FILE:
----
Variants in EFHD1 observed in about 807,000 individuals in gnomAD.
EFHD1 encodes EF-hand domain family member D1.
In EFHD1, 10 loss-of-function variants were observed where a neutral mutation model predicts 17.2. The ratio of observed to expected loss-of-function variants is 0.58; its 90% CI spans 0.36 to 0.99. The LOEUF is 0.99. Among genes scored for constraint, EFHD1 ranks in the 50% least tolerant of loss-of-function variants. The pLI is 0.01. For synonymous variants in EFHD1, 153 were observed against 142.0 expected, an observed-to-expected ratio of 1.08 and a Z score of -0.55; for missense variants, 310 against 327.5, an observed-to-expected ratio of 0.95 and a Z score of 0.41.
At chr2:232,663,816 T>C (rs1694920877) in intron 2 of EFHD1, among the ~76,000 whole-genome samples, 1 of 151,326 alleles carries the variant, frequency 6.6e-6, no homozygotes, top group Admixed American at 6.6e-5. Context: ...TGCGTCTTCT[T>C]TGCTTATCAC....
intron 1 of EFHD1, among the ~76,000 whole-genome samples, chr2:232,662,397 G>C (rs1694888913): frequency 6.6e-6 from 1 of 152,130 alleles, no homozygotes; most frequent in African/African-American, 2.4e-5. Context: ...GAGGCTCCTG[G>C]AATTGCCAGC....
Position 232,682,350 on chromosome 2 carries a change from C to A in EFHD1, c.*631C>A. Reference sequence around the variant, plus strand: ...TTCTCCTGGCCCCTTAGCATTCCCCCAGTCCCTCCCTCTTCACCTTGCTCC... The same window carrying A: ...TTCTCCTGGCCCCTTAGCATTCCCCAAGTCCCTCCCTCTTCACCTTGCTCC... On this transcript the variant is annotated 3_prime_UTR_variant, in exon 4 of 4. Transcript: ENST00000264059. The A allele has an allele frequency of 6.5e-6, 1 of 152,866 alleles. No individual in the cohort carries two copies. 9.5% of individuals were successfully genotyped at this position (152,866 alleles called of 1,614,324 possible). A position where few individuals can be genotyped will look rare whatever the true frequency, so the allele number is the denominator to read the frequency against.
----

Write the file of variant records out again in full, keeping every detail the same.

Variants in EFHD1 observed in about 807,000 individuals in gnomAD.
EFHD1 encodes EF-hand domain family member D1.
In EFHD1, 10 loss-of-function variants were observed where a neutral mutation model predicts 17.2. The ratio of observed to expected loss-of-function variants is 0.58; its 90% CI spans 0.36 to 0.99. The LOEUF is 0.99. Among genes scored for constraint, EFHD1 ranks in the 50% least tolerant of loss-of-function variants. The pLI is 0.01. For synonymous variants in EFHD1, 153 were observed against 142.0 expected, an observed-to-expected ratio of 1.08 and a Z score of -0.55; for missense variants, 310 against 327.5, an observed-to-expected ratio of 0.95 and a Z score of 0.41.
At chr2:232,663,816 T>C (rs1694920877) in intron 2 of EFHD1, among the ~76,000 whole-genome samples, 1 of 151,326 alleles carries the variant, frequency 6.6e-6, no homozygotes, top group Admixed American at 6.6e-5. Context: ...TGCGTCTTCT[T>C]TGCTTATCAC....
intron 1 of EFHD1, among the ~76,000 whole-genome samples, chr2:232,662,397 G>C (rs1694888913): frequency 6.6e-6 from 1 of 152,130 alleles, no homozygotes; most frequent in African/African-American, 2.4e-5. Context: ...GAGGCTCCTG[G>C]AATTGCCAGC....
Position 232,682,350 on chromosome 2 carries a change from C to A in EFHD1, c.*631C>A. Reference sequence around the variant, plus strand: ...TTCTCCTGGCCCCTTAGCATTCCCCCAGTCCCTCCCTCTTCACCTTGCTCC... The same window carrying A: ...TTCTCCTGGCCCCTTAGCATTCCCCAAGTCCCTCCCTCTTCACCTTGCTCC... On this transcript the variant is annotated 3_prime_UTR_variant, in exon 4 of 4. Transcript: ENST00000264059. The A allele has an allele frequency of 6.5e-6, 1 of 152,866 alleles. No individual in the cohort carries two copies. 9.5% of individuals were successfully genotyped at this position (152,866 alleles called of 1,614,324 possible). A position where few individuals can be genotyped will look rare whatever the true frequency, so the allele number is the denominator to read the frequency against.